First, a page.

If you’re worried about reviewers rushing to send a few perfunctory comments in exchange for some quick cash, shorter deadlines did reduce the length of the submitted reported somewhat, but it did not have an effect on the quality of the review (as measured by whether the editors followed the reviewers decisions), the researchers reported.
The researchers also looked at whether changing the incentives at one journal affected the performance of reviewers for other journals. If one journal were offering cash incentives, would it reduce their willingness to review for a competing journal, for example? Restricting their comparison to 20 other economics journals published by Elsevier, Chetty found no detectable effects on referees’ willingness to review manuscripts; nor did the experiment affect their review times at other journals.
If paying editors to review does become commonplace among economics journals, I do wonder whether reviewers would change their decision-making process, initiate a competition between journals on reviewer compensation, and leave those journals who cannot afford to pay reviewers at a distinct disadvantage. I believe there are many things that we currently do on a voluntary basis that we would stop doing knowing that a functioning market exists for our services.
A straw poll I conducted on The Scholarly Kitchen last year found that monetary rewards for peer review services were deplorable for some respondents, while others appeared to view them as either a solution to a growing problem, or as a potential source of additional income. Monetary and reputational rewards can coexist in the same scholarly marketplace and attract different participants for different reasons. There is no reason to believe that there will be just one future model for peer review.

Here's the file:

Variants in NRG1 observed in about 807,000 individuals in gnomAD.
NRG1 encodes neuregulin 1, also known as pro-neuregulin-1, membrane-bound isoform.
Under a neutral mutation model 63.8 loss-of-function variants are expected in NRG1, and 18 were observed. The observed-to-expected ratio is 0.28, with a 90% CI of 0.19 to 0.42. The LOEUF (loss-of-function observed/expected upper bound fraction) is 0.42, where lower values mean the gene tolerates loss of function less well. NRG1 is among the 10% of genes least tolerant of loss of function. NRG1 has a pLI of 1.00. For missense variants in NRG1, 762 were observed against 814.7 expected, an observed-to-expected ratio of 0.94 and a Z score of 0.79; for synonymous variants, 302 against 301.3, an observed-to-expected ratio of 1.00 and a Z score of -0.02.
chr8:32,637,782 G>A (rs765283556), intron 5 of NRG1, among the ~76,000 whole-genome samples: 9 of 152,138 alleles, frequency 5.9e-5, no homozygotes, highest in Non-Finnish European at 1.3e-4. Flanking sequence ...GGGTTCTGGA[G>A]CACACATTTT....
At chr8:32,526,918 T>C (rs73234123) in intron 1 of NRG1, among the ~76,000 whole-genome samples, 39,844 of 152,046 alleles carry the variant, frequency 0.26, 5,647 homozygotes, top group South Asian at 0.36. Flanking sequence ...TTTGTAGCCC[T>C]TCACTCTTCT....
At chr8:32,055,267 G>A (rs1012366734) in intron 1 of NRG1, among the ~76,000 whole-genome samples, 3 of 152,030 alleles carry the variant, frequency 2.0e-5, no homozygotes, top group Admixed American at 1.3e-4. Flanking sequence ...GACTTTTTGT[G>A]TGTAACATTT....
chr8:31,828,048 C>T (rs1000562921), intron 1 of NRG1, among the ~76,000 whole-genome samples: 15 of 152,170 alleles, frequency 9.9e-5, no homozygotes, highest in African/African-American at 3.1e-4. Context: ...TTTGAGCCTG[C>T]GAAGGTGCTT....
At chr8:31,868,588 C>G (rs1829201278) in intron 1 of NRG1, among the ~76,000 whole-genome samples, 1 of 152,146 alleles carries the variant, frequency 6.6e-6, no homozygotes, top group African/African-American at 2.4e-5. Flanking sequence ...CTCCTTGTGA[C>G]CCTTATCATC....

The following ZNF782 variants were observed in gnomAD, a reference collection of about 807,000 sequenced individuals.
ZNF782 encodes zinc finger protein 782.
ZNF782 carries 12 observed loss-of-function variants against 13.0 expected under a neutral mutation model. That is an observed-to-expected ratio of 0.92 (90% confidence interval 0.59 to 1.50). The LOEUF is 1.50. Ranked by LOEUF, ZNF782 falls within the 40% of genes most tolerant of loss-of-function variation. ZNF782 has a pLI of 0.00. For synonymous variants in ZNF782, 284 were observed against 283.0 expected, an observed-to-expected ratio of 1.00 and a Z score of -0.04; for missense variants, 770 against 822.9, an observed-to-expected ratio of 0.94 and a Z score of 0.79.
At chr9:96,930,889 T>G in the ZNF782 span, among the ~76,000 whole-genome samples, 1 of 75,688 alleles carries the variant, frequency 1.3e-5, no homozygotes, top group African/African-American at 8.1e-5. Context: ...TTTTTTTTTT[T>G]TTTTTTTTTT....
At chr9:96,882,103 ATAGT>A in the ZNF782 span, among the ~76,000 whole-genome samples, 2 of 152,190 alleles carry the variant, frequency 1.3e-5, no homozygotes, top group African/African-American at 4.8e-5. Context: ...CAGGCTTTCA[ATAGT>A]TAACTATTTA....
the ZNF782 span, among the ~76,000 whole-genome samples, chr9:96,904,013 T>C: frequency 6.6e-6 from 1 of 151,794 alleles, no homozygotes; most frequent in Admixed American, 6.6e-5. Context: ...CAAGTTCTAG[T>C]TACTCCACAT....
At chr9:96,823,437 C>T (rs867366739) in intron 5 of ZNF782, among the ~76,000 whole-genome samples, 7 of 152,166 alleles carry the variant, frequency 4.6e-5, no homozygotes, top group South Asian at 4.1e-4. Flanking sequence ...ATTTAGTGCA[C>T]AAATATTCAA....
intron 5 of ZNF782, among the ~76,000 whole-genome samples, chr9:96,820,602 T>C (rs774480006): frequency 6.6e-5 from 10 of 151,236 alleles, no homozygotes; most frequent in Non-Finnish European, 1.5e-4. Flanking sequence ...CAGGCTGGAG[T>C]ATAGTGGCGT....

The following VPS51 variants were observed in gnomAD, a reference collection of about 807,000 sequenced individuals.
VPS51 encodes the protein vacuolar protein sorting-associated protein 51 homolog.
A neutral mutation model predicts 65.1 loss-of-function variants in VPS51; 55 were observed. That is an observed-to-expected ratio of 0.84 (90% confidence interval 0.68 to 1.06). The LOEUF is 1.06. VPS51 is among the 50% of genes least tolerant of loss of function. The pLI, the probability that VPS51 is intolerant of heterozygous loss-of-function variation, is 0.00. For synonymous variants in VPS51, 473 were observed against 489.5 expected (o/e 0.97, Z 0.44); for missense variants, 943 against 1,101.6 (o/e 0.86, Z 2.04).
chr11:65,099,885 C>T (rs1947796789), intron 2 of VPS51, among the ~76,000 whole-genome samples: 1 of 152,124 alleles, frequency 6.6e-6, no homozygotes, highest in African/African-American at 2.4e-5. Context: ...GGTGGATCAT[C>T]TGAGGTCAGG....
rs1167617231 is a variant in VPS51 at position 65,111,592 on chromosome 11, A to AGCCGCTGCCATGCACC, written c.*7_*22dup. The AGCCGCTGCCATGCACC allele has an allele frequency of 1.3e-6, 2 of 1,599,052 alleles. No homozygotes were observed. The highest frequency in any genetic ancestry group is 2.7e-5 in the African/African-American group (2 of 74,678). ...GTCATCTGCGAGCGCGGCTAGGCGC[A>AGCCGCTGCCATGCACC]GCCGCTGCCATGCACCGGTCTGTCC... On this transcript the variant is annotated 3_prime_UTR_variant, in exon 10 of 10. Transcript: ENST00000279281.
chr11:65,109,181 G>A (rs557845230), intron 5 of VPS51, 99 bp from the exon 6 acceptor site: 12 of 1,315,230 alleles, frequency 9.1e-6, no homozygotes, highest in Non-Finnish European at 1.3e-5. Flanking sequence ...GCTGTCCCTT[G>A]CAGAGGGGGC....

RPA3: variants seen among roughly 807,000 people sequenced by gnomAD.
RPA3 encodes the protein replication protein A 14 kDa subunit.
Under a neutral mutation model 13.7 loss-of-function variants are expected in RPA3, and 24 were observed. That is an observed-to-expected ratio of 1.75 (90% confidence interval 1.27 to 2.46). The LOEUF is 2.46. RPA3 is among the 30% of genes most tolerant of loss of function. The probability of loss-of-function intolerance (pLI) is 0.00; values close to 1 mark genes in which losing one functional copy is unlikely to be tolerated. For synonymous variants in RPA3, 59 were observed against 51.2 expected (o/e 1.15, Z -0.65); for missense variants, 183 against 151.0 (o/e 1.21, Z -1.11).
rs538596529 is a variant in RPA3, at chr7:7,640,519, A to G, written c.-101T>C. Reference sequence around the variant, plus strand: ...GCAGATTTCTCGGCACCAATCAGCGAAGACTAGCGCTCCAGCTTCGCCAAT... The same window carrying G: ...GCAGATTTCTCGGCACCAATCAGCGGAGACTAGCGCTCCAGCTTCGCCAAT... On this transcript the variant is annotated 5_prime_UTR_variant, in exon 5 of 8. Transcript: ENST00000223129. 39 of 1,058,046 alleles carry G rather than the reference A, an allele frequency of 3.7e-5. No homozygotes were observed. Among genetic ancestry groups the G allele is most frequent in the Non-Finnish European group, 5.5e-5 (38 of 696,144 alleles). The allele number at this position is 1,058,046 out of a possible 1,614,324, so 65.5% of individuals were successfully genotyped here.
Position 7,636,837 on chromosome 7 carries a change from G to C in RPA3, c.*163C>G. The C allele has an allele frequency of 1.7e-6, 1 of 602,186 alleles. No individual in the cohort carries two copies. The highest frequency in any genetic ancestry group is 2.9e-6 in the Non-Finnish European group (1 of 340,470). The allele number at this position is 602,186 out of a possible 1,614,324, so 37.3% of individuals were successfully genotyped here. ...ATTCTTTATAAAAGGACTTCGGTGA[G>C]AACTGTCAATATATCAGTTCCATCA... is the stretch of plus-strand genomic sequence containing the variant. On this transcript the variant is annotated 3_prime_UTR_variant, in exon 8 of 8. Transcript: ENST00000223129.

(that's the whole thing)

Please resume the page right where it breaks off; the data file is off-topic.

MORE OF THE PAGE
I posed the question about whether faculty should be paid for reviewing papers at a dinner party and, as expected, got a variety of answers. Two biologists were fundamentally opposed to the idea whereas the business school professor was willing to entertain it. The sociologist thought context was vitally important and wondered who was ultimately going to pay this cost. These Cornell and Ithaca College faculty assumed they would still be reviewing relevant, high-quality, well-written manuscripts. When I asked them if they were willing to review a unintelligible, poorly-written manuscript, no one thought $100 was worth their time.
When priced too low, cash incentives and other discounts to reward voluntary work can have the opposite intended effect, as this systems biologist gripes about being offered a $10 book coupon for his work. In this case, a simple thank you letter would have been more appropriate. Likewise, the Company of Biologists discontinued the practice of paying reviewers $25 as a token of appreciation when the transaction costs at both ends didn’t seem to be worth the effort and served only to frustrate and infuriate some reviewers. If you have any experience with incentivizing reviewers (successes and failures), please let us know in the comment section.
What I like about the Chetty paper is that approaches the issue of timeliness of the review process as a complex problem, tests various solutions rigorously, and proposes small changes that can nudge the system to a more desirable state, at least for economics.
The “dismal science” can offer the rest of us some important lessons.